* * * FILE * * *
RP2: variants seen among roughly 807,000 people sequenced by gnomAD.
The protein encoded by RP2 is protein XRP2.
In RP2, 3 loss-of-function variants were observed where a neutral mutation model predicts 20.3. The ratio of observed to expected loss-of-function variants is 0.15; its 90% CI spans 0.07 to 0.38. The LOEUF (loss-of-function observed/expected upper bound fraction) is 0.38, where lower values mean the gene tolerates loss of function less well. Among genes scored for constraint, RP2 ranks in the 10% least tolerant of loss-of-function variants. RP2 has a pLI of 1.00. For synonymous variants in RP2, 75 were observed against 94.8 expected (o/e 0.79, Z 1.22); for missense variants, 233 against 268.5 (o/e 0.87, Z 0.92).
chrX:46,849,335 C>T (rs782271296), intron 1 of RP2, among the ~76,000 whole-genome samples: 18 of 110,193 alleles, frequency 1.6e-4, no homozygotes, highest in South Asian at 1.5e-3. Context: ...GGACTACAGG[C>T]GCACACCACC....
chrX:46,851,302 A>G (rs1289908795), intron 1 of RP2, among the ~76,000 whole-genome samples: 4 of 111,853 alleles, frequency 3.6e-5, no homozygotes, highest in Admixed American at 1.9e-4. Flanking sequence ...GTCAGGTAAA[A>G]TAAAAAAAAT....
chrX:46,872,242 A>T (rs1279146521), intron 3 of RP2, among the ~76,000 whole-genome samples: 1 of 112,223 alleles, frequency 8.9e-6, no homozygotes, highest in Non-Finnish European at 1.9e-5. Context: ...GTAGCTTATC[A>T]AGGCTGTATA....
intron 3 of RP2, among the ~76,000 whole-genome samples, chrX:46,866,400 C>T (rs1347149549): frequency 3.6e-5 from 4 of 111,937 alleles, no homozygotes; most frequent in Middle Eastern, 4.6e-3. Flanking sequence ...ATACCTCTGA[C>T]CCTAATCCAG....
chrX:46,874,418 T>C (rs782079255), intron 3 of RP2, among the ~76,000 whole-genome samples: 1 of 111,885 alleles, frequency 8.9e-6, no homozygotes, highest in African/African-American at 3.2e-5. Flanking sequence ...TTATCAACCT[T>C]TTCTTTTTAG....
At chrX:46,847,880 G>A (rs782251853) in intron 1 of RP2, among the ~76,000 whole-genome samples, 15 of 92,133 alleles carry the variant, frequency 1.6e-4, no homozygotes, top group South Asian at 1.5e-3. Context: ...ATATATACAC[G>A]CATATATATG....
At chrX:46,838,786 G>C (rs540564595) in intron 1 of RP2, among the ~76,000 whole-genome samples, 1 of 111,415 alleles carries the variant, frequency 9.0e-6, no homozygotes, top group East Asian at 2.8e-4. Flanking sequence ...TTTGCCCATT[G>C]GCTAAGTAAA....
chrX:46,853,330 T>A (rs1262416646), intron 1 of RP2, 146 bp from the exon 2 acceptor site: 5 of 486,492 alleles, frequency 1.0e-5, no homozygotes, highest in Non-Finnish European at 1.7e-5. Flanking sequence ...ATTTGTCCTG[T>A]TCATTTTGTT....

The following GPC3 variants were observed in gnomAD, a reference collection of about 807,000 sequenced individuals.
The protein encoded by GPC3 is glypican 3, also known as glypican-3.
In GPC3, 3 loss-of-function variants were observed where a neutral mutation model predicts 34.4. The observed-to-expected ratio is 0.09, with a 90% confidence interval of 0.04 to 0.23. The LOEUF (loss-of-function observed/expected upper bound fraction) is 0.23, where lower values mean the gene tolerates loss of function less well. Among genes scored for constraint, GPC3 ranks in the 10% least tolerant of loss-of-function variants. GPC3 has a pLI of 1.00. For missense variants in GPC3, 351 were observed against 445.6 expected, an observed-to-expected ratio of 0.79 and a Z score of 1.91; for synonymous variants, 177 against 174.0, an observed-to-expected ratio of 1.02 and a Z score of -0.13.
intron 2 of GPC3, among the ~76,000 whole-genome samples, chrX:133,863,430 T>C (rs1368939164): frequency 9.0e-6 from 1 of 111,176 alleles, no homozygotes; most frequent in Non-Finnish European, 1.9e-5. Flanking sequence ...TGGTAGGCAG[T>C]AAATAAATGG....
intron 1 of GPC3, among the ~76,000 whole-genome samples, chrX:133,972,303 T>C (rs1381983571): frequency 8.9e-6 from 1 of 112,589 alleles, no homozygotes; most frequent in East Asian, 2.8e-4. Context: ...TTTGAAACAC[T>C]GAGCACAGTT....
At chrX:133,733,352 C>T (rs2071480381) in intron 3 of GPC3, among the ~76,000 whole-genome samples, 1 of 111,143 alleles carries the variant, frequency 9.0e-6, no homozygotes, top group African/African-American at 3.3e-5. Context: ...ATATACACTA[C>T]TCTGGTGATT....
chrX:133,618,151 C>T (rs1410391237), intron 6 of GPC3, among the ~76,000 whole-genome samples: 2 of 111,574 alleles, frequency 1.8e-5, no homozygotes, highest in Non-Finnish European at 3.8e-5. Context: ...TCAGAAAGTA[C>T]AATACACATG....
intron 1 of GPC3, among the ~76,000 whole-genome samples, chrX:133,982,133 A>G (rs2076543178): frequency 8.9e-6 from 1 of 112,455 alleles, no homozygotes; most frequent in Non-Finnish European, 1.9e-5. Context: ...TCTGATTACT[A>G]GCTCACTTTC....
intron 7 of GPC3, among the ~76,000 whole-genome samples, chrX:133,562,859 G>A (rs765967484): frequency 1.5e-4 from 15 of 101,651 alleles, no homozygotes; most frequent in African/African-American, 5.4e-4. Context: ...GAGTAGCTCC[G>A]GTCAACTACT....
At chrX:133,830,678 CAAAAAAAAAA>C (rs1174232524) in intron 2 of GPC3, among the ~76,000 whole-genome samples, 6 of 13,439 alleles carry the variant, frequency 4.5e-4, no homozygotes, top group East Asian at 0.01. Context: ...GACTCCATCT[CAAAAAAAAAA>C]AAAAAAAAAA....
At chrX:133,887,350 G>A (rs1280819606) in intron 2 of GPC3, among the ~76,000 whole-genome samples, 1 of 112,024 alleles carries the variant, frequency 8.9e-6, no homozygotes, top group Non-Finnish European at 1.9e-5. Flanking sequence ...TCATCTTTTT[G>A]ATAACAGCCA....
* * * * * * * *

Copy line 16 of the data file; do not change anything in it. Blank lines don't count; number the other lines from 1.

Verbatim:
intron 1 of GPC3, among the ~76,000 whole-genome samples, chrX:133,972,303 T>C (rs1381983571): frequency 8.9e-6 from 1 of 112,589 alleles, no homozygotes; most frequent in East Asian, 2.8e-4. Context: ...TTTGAAACAC[T>C]GAGCACAGTT....